riirhts, and the institution of Nchools to
instruct and improve them. This speech
has been approved by the Legislature,
and its general circulation cannot fail to
do good, in bringing the South up to
that point of loyalty which will enable it
to co-operate harmoniously with thcNorth.
Bg. According to our latest intelli
gence from Irelaud. the Fenian conspiracy
in that unhappy country is rapidly com
ing to a point. No fewer than four am
munition factories have been discovered
iu Dublin, in which the manufacture of
hand grenades, Orsini bombs and other
weapons ol warfare has been carried on
upon a most extensive scale. Nearly half
the available forces of the British army
are stationed in Ireland.. In Parliament
notice has been given of a question as to
the complicity of American citizens iu
Three hundred persons have rcscntly
joined the churches in Ovvego, Tioga
county, N. Y.
An Ohio magistrate lately issued licen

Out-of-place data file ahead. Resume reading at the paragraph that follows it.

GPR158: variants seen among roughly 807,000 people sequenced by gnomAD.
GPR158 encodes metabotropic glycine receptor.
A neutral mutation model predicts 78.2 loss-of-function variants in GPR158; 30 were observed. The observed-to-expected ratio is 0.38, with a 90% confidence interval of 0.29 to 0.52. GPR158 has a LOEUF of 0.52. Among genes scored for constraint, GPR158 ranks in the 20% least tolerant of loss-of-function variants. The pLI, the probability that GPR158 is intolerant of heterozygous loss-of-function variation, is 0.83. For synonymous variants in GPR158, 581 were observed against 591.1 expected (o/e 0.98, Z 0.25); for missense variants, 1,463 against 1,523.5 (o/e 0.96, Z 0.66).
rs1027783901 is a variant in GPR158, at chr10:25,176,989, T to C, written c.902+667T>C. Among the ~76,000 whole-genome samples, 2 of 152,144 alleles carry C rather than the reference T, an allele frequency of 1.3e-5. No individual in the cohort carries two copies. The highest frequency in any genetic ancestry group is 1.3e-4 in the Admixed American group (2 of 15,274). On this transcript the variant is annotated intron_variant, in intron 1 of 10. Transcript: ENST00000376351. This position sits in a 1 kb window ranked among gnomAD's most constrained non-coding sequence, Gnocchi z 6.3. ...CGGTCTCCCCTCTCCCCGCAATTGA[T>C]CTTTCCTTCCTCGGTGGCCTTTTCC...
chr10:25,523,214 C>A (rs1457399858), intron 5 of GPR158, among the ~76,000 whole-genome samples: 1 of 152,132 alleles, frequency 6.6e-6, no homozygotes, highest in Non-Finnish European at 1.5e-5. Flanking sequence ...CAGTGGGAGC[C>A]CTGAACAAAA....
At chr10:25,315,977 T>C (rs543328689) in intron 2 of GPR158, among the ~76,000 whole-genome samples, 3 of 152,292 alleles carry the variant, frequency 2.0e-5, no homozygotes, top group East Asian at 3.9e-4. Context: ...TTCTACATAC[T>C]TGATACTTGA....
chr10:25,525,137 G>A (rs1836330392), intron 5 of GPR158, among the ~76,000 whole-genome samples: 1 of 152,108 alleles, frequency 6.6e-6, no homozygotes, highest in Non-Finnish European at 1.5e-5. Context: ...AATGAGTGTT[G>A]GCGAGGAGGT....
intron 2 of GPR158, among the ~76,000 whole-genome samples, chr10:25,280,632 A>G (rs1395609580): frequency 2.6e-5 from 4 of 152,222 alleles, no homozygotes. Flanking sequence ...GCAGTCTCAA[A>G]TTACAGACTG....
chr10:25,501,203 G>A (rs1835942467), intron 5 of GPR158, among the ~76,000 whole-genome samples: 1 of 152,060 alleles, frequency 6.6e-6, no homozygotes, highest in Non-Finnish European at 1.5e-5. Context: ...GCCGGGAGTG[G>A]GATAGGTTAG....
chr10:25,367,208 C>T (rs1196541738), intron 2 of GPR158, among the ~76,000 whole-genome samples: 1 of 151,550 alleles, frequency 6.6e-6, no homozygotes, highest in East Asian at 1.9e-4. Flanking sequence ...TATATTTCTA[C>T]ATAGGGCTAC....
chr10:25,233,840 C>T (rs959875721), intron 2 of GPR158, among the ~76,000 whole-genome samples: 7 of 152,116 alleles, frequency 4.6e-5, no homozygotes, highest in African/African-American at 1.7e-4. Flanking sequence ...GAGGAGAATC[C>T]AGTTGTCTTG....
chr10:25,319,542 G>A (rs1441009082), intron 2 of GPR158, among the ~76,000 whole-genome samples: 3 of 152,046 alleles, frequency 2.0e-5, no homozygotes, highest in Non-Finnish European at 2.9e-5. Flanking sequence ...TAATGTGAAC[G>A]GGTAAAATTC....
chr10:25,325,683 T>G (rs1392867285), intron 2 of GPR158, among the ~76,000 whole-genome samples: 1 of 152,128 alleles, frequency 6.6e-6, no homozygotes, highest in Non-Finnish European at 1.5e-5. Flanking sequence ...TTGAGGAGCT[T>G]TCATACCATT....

ses to two young men to marry the same
An old German in New York lately got
a thousand dollars for leaving, three
months before the expiration of his lease,
a house which he only paid eight hun
dred dollars year 'r
For The Jcffersonian.
Mr. WACKEAMMER'S LECTURES.
Our'Common Schools, that'is the text,
Bur just as well might you expect
To drive a wind-mill without wind
As these without money and mind.
Our commou schools are just about as
common an article as the "very plainest
immscull of a friend of cducatipn could
well desire. They are so very common
that quite plain people hesitate long to
decide between the two evils, whether to
keep their children at home and lose their
school tax or to lose the tax by sending
them. As the arguments on both side of
this question were like the auctioneer's
4i too tedious to mention," my wife pro
proposed that we decide it by tossing a
copper, which . wc did, aud the childrcu
went to school.
Put before any one gets angry I might
just as well say here, that I do not pur
pose crying down the "profession" or dc
iioun.cng the " faculty," nor yet to touch
'haracter. In short I shall not find fault
with our " teachers" at all. Money is a
medium of commerce, and where there
is but a very trifling sum of this medium
in one scale I expect but very little in
the other. If a young mau can't find